Shabbat Miketz/Rosh Hodesh/Hanukkah 5776
The stories we tell about ourselves are in a constant state of evolution. At times, we add color and detail to enhance the narrative. Other times, we leave out certain elements when they no longer serve the larger purpose of the story.
The story of Hanukkah is just like any other–subject to embellishment at different stages in the history of the holiday. For instance, if you read all of the material from the Mishnah and Tosefta, sources that reflect the tradition in the Land of Israel and dating back to the early 3rd century C.E., you’ll be hard-pressed to find anything about candles on Hanukkah. There’s exactly one source that alludes to it. This is what it says:
“If a camel laden with flax passed by in the public domain and its load of flax entered into a shop and caught fire from the shopkeeper’s candle and lit a house on fire, the owner of the camel is liable. But if the shopkeeper left his candle outside, the shopkeeper is liable. Rabbi Yehudah said: If it was a Hanukkah light, he is exempt.” (Mishnah Bava Kamma 6:6)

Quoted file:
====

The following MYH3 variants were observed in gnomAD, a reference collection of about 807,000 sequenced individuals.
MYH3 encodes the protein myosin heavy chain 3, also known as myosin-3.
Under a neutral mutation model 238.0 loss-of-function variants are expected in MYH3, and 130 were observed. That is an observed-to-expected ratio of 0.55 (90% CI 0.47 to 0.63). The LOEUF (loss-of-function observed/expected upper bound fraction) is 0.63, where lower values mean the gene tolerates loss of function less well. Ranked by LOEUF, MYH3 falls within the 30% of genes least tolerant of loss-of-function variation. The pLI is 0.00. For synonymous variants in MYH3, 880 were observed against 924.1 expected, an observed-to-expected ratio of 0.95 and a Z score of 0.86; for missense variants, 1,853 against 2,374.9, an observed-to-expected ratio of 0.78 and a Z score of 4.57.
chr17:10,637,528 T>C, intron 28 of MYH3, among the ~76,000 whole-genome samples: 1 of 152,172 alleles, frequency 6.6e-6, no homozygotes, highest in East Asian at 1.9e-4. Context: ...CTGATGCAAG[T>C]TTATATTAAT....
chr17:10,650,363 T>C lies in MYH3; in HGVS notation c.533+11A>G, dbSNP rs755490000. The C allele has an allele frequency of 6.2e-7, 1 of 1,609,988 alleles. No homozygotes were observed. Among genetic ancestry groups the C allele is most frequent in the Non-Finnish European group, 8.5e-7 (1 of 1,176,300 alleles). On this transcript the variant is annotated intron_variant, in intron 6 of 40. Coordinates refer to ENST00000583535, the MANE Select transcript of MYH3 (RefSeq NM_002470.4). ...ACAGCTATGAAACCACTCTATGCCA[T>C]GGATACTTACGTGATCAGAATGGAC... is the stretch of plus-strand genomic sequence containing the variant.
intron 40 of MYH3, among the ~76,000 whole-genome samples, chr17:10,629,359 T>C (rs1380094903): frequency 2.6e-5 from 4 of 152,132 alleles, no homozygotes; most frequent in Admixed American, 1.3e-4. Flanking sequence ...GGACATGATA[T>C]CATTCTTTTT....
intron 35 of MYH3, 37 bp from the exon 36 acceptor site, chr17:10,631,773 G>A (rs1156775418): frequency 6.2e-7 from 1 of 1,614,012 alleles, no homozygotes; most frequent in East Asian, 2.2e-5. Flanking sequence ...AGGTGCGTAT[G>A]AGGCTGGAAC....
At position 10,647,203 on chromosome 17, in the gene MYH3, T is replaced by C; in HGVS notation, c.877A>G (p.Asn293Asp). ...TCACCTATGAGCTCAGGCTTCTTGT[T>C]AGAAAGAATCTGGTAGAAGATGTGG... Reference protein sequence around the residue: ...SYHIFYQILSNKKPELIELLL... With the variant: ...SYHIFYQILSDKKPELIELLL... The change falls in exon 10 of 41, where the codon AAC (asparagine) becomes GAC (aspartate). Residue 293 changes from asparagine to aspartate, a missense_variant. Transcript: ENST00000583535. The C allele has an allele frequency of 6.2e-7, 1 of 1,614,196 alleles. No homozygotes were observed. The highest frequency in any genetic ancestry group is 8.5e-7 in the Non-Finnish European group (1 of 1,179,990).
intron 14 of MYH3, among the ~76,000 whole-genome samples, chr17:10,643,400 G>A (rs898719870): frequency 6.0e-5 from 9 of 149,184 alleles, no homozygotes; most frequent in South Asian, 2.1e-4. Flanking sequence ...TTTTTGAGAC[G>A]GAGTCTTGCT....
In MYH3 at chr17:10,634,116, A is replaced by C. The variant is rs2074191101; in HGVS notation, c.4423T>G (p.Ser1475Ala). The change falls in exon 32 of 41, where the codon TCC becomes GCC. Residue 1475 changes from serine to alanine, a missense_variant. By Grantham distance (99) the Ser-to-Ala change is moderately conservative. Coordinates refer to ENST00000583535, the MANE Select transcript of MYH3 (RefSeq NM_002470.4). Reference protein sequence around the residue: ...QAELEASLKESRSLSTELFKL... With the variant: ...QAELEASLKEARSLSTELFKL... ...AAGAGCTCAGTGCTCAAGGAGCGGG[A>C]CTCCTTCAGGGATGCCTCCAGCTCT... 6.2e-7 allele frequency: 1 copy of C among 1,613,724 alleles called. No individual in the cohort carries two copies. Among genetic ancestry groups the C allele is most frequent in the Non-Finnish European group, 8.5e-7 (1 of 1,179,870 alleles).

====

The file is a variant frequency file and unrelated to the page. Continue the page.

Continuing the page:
The matter at hand in this Mishnah isn’t even Hanukkah; it’s just mentioned in passing. Does that mean that by this time, candles on Hanukkah were a given; or might it mean that Hanukkah was such an insignificant observance that it barely gets attention in one of our most important ancient sources? And why aren’t we told the reason for lighting candles? What about that famous miracle?
We’ll look briefly at the way our candles became a crucial part of Hanukkah, and consider what we can learn from Hanukkah about holiday narratives in general, on Shabbat morning.
Wishing you a Shabbat Shalom, Hodesh Tov, and Hag Urim Sameah,
Rabbi David Wise